WASHINGTON (Reuters) - Trump administration officials on Friday acknowledged that U.S. President Donald Trump’s visit to India next week will not result in even a limited trade deal, saying they still have major concerns over India’s trade barriers.
Hopes that the world’s two largest democracies could negotiate a “confidence building” deal in time for Trump’s arrival Monday on a two-day visit have faded in recent days as differences over agriculture, medical devices, digital trade and proposed new tariffs fester, according to business groups.
U.S. concerns that led last year to the suspension of India’s tariff free access for some $5.6 billion in exports under the 1970s-era Generalized System of Preferences still remain, a senior Trump administration official told reporters on a conference call.
“We do want to make sure that we get this balance right. We want to address a lot of concerns and we’re not quite there yet,” the official said, adding that Trump will likely discuss these concerns with Indian Prime Minister Narendra Modi.
Trade talks will continue, but new Indian tariff proposals aimed at strengthening the country’s “Make in India” domestic manufacturing push have made them more difficult, the official said.
Apart from growing protectionism, the Trump visit comes against the backdrop of India’s multibillion-dollar purchase of a Russian missile shield system, which added friction to its ties with Washington.
India in its Feb. 1 budget proposal announced new import tariffs on medical devices, walnuts, toys, electronics and other products in a move aimed at reducing imports from China but affecting many U.S. firms.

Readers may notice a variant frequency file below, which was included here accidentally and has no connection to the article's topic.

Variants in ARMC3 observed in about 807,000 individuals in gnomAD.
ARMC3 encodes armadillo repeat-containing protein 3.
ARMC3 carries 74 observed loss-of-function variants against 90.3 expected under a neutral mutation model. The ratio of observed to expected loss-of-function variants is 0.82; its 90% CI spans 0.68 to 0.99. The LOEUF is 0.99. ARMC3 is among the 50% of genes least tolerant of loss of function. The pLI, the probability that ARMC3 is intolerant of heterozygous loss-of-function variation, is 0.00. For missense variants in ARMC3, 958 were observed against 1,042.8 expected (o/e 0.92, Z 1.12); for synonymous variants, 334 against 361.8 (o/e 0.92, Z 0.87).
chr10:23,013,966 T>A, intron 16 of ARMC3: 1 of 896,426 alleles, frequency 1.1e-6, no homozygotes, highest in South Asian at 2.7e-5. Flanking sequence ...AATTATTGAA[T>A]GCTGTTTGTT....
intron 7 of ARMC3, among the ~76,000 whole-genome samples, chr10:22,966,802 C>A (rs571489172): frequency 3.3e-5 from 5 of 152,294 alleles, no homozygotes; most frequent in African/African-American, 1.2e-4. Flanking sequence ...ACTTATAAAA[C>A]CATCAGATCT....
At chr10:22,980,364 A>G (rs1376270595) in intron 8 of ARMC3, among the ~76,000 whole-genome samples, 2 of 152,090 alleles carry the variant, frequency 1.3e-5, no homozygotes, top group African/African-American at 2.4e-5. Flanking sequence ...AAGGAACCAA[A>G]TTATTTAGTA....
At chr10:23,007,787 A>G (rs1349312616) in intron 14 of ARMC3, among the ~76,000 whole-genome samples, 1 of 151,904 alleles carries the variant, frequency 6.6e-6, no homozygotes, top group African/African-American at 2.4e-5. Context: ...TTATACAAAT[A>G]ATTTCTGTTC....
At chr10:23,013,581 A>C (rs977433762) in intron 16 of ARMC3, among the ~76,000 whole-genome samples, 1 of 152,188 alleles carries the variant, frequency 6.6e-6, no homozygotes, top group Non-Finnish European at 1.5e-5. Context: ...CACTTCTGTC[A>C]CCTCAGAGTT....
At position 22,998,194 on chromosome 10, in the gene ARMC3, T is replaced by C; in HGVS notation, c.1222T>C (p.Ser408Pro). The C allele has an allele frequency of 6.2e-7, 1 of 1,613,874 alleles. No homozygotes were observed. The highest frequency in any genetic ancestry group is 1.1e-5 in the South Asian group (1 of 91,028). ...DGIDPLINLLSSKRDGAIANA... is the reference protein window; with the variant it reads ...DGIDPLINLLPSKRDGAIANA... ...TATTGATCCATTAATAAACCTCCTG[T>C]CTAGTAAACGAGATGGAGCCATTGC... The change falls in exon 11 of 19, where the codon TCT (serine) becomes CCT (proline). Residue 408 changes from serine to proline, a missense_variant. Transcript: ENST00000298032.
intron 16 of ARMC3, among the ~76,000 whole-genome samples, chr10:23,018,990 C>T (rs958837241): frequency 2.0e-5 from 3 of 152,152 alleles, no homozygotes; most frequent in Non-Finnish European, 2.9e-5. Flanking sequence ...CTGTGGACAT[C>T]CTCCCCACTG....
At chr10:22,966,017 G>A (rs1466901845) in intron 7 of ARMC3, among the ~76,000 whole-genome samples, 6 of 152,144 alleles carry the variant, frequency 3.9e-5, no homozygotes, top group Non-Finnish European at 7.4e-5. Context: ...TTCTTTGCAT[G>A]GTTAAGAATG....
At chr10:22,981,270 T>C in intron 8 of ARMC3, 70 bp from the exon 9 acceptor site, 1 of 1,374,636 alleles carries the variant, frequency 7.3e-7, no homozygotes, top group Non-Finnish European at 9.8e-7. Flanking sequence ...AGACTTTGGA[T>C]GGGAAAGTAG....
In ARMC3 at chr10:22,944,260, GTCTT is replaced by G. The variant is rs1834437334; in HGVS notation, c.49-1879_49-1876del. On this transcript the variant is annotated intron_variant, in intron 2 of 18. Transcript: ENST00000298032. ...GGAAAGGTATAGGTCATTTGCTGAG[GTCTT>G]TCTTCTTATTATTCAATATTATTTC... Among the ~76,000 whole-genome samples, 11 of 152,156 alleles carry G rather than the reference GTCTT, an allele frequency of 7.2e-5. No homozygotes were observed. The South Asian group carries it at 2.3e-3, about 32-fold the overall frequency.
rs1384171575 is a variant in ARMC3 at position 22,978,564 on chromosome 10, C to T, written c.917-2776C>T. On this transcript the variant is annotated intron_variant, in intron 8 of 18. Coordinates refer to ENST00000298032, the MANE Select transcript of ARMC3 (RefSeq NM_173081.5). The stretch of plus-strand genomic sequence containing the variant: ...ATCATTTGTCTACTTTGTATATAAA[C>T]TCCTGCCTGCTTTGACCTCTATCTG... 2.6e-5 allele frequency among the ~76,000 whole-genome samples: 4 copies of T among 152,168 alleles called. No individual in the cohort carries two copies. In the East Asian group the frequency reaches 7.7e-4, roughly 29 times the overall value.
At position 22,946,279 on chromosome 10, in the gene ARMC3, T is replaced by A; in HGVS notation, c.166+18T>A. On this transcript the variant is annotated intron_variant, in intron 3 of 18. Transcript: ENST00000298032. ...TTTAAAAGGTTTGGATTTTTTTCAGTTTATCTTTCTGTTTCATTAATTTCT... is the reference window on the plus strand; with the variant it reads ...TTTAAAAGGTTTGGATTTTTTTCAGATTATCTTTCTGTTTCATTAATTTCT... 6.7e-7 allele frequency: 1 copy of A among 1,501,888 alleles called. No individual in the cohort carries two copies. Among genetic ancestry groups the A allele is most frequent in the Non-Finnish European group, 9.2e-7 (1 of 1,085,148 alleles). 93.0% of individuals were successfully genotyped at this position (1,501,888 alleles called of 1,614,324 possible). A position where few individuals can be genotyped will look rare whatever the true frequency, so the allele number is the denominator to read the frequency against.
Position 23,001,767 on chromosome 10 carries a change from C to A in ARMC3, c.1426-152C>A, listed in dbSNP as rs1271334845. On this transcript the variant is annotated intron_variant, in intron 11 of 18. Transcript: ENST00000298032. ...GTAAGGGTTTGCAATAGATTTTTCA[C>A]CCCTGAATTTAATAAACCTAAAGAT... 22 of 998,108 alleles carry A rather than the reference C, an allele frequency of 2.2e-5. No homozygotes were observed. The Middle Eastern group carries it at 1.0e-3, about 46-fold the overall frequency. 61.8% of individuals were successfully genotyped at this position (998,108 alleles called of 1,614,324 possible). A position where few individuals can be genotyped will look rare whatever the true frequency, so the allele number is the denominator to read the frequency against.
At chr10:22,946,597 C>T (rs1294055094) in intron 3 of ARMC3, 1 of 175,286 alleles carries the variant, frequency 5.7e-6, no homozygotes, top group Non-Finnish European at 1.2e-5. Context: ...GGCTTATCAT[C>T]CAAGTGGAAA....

The new tariffs surprised U.S. negotiators, especially as they were working with Indian counterparts to reduce the impact of India’s price controls on U.S. medical devices such as cardiac stents and knee implants.
“We will be discussing those concerns and what we see an increase in barriers not a decrease. This will certainly come up among the leaders,” the U.S. official said.
The official did not completely rule out any trade related announcements during the trip, but said this was “really wholly dependent on what the Indians are prepared to do.”
U.S. Trade Representative Robert Lighthizer, who has been leading the trade discussions, will not be among the U.S. delegation accompanying Trump, the official said. Earlier this month, Lighthizer cancelled a trip to India to work out a package, even as India made some new proposals to improve U.S. dairy and poultry access.
U.S. Commerce Secretary Wilbur Ross is joining the trip, which will include announcements of commercial transactions in the energy and defence sectors, the officials said.
The United States is India’s second-largest trade partner after China, and bilateral goods and services trade climbed to a record $142.6 billion in 2018. The United States had a $23.2 billion goods trade deficit in 2019 with India, its 9th largest trading partner in goods.
Reporting by David Lawder; Editing by Chizu Nomiyama and Tom Brown
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